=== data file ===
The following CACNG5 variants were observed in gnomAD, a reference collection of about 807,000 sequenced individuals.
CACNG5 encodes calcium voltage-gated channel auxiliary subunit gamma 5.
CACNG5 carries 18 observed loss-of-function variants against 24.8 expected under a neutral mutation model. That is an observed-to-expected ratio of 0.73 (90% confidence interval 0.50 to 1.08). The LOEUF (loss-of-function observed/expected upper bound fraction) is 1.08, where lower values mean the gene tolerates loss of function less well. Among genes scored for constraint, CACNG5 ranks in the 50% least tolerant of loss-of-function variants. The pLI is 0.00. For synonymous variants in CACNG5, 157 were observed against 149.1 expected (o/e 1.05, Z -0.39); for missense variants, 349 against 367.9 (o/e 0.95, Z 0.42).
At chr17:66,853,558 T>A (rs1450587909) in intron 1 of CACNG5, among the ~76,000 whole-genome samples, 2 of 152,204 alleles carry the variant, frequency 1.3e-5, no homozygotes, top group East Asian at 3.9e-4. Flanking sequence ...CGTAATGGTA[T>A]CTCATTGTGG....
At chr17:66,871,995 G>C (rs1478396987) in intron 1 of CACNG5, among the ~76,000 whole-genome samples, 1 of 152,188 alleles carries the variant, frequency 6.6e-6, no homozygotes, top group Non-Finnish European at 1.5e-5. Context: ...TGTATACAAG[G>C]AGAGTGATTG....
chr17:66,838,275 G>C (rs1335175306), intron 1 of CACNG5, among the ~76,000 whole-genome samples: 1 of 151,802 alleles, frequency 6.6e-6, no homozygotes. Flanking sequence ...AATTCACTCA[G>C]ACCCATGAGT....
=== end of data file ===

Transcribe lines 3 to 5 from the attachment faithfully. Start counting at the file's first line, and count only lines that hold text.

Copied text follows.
CACNG5 carries 18 observed loss-of-function variants against 24.8 expected under a neutral mutation model. That is an observed-to-expected ratio of 0.73 (90% confidence interval 0.50 to 1.08). The LOEUF (loss-of-function observed/expected upper bound fraction) is 1.08, where lower values mean the gene tolerates loss of function less well. Among genes scored for constraint, CACNG5 ranks in the 50% least tolerant of loss-of-function variants. The pLI is 0.00. For synonymous variants in CACNG5, 157 were observed against 149.1 expected (o/e 1.05, Z -0.39); for missense variants, 349 against 367.9 (o/e 0.95, Z 0.42).
At chr17:66,853,558 T>A (rs1450587909) in intron 1 of CACNG5, among the ~76,000 whole-genome samples, 2 of 152,204 alleles carry the variant, frequency 1.3e-5, no homozygotes, top group East Asian at 3.9e-4. Flanking sequence ...CGTAATGGTA[T>A]CTCATTGTGG....
At chr17:66,871,995 G>C (rs1478396987) in intron 1 of CACNG5, among the ~76,000 whole-genome samples, 1 of 152,188 alleles carries the variant, frequency 6.6e-6, no homozygotes, top group Non-Finnish European at 1.5e-5. Context: ...TGTATACAAG[G>C]AGAGTGATTG....